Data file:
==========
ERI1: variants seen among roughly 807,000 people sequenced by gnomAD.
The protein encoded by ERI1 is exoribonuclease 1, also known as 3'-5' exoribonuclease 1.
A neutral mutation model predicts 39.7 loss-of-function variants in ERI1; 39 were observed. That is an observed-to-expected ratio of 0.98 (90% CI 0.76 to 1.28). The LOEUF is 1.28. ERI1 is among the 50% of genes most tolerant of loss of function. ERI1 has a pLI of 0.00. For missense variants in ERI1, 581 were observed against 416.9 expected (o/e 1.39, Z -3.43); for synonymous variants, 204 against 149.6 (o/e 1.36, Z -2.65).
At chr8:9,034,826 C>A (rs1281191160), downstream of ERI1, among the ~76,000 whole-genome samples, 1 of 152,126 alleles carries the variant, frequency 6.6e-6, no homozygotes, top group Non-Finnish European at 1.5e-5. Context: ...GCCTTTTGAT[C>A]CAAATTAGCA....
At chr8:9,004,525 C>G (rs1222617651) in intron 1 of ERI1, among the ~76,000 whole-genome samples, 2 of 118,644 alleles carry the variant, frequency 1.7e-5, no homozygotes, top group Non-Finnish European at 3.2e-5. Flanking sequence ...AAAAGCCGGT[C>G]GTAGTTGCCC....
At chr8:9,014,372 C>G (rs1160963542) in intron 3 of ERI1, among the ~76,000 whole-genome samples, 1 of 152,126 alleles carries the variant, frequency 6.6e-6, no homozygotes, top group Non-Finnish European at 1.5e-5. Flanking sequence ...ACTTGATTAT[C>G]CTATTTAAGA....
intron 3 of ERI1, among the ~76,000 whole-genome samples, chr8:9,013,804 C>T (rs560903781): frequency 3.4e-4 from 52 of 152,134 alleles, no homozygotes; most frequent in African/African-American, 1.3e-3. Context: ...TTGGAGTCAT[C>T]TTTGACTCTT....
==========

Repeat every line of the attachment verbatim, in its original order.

ERI1: variants seen among roughly 807,000 people sequenced by gnomAD.
The protein encoded by ERI1 is exoribonuclease 1, also known as 3'-5' exoribonuclease 1.
A neutral mutation model predicts 39.7 loss-of-function variants in ERI1; 39 were observed. That is an observed-to-expected ratio of 0.98 (90% CI 0.76 to 1.28). The LOEUF is 1.28. ERI1 is among the 50% of genes most tolerant of loss of function. ERI1 has a pLI of 0.00. For missense variants in ERI1, 581 were observed against 416.9 expected (o/e 1.39, Z -3.43); for synonymous variants, 204 against 149.6 (o/e 1.36, Z -2.65).
At chr8:9,034,826 C>A (rs1281191160), downstream of ERI1, among the ~76,000 whole-genome samples, 1 of 152,126 alleles carries the variant, frequency 6.6e-6, no homozygotes, top group Non-Finnish European at 1.5e-5. Context: ...GCCTTTTGAT[C>A]CAAATTAGCA....
At chr8:9,004,525 C>G (rs1222617651) in intron 1 of ERI1, among the ~76,000 whole-genome samples, 2 of 118,644 alleles carry the variant, frequency 1.7e-5, no homozygotes, top group Non-Finnish European at 3.2e-5. Flanking sequence ...AAAAGCCGGT[C>G]GTAGTTGCCC....
At chr8:9,014,372 C>G (rs1160963542) in intron 3 of ERI1, among the ~76,000 whole-genome samples, 1 of 152,126 alleles carries the variant, frequency 6.6e-6, no homozygotes, top group Non-Finnish European at 1.5e-5. Flanking sequence ...ACTTGATTAT[C>G]CTATTTAAGA....
intron 3 of ERI1, among the ~76,000 whole-genome samples, chr8:9,013,804 C>T (rs560903781): frequency 3.4e-4 from 52 of 152,134 alleles, no homozygotes; most frequent in African/African-American, 1.3e-3. Context: ...TTGGAGTCAT[C>T]TTTGACTCTT....